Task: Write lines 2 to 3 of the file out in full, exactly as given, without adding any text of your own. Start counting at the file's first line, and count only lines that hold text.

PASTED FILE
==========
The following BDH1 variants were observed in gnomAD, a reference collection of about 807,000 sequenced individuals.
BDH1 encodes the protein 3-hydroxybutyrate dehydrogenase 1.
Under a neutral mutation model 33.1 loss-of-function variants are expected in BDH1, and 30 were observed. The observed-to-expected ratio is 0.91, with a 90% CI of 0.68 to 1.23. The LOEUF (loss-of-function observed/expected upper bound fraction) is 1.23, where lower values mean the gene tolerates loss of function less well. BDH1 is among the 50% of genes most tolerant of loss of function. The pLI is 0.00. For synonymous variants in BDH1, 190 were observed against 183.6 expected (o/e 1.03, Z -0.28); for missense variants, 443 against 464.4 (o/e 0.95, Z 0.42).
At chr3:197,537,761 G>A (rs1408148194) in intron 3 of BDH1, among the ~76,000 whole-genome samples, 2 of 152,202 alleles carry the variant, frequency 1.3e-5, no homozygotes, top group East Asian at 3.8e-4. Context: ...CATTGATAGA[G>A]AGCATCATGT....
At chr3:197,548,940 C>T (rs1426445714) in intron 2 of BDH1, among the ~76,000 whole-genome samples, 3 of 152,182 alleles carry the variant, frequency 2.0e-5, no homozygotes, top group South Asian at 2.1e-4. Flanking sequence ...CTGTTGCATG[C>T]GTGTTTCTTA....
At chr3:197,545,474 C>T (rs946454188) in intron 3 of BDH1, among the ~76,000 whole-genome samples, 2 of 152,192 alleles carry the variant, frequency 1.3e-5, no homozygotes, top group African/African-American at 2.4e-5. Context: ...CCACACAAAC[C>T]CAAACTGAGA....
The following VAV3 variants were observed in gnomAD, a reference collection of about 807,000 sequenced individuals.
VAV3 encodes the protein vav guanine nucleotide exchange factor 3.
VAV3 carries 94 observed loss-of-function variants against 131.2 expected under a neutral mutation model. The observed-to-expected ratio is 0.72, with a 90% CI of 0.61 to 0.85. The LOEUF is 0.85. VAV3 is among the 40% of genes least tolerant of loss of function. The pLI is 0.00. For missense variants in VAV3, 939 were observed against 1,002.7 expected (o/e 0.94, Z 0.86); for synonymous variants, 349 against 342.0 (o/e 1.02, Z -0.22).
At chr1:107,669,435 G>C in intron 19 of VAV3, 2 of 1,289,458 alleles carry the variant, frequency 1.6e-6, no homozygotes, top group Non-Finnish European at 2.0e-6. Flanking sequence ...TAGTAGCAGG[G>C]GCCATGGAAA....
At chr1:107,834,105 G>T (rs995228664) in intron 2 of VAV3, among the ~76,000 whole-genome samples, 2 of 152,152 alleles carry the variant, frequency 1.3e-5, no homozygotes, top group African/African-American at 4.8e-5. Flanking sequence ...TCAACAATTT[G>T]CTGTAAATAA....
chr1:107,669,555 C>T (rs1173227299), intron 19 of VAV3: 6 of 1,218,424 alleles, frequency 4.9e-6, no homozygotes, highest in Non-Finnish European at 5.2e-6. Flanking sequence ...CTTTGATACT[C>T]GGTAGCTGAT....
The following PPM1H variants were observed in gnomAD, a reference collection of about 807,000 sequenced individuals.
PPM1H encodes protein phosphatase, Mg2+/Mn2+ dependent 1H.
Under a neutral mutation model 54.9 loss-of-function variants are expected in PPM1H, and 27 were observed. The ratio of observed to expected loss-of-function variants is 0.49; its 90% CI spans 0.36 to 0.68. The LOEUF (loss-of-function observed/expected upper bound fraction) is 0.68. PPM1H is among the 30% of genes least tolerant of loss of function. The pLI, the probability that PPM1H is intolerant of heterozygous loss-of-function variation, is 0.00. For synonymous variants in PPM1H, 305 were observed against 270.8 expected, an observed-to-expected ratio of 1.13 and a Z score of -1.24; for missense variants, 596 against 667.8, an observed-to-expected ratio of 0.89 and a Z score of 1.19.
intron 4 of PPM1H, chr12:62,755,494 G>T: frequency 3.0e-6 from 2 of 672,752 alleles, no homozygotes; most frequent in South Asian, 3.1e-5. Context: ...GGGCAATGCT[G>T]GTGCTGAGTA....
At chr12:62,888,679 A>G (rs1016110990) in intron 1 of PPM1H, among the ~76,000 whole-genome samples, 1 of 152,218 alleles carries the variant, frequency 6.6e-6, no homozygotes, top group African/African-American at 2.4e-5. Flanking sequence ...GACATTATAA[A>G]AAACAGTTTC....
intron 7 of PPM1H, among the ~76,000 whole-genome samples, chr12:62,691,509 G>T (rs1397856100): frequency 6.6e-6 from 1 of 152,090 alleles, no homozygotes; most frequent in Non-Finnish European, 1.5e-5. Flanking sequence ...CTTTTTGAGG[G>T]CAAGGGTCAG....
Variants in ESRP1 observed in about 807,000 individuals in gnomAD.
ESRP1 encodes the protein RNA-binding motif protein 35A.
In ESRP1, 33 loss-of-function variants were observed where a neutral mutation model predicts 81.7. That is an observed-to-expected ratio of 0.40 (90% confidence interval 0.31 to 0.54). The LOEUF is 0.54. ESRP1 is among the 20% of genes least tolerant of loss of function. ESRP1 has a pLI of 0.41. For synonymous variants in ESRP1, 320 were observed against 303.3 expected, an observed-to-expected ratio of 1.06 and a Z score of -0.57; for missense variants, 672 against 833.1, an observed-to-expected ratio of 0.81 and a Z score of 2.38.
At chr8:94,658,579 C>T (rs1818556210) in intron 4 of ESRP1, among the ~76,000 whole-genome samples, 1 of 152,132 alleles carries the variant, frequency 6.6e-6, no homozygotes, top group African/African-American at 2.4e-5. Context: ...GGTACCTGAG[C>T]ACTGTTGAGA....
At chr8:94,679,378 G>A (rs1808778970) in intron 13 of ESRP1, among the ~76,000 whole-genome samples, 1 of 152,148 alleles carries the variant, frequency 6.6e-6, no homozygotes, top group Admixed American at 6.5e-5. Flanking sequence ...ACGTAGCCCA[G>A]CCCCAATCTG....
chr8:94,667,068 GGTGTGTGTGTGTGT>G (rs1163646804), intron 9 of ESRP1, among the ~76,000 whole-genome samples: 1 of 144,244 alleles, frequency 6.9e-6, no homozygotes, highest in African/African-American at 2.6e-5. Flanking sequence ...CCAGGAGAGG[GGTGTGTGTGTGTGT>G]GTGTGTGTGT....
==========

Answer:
BDH1 encodes the protein 3-hydroxybutyrate dehydrogenase 1.
Under a neutral mutation model 33.1 loss-of-function variants are expected in BDH1, and 30 were observed. The observed-to-expected ratio is 0.91, with a 90% CI of 0.68 to 1.23. The LOEUF (loss-of-function observed/expected upper bound fraction) is 1.23, where lower values mean the gene tolerates loss of function less well. BDH1 is among the 50% of genes most tolerant of loss of function. The pLI is 0.00. For synonymous variants in BDH1, 190 were observed against 183.6 expected (o/e 1.03, Z -0.28); for missense variants, 443 against 464.4 (o/e 0.95, Z 0.42).